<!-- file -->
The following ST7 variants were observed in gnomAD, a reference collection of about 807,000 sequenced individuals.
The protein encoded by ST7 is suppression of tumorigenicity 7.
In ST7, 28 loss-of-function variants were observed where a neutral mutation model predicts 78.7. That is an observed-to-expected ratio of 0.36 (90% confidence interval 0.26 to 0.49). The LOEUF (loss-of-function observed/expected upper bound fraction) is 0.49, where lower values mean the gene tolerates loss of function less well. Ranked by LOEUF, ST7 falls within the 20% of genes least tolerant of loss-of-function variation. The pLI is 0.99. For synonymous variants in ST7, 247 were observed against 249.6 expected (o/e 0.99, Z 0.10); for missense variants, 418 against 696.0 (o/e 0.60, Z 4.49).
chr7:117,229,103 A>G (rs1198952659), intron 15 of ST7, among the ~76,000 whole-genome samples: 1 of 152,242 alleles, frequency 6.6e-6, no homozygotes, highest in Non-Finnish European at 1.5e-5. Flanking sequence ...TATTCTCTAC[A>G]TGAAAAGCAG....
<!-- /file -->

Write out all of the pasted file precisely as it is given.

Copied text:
The following ST7 variants were observed in gnomAD, a reference collection of about 807,000 sequenced individuals.
The protein encoded by ST7 is suppression of tumorigenicity 7.
In ST7, 28 loss-of-function variants were observed where a neutral mutation model predicts 78.7. That is an observed-to-expected ratio of 0.36 (90% confidence interval 0.26 to 0.49). The LOEUF (loss-of-function observed/expected upper bound fraction) is 0.49, where lower values mean the gene tolerates loss of function less well. Ranked by LOEUF, ST7 falls within the 20% of genes least tolerant of loss-of-function variation. The pLI is 0.99. For synonymous variants in ST7, 247 were observed against 249.6 expected (o/e 0.99, Z 0.10); for missense variants, 418 against 696.0 (o/e 0.60, Z 4.49).
chr7:117,229,103 A>G (rs1198952659), intron 15 of ST7, among the ~76,000 whole-genome samples: 1 of 152,242 alleles, frequency 6.6e-6, no homozygotes, highest in Non-Finnish European at 1.5e-5. Flanking sequence ...TATTCTCTAC[A>G]TGAAAAGCAG....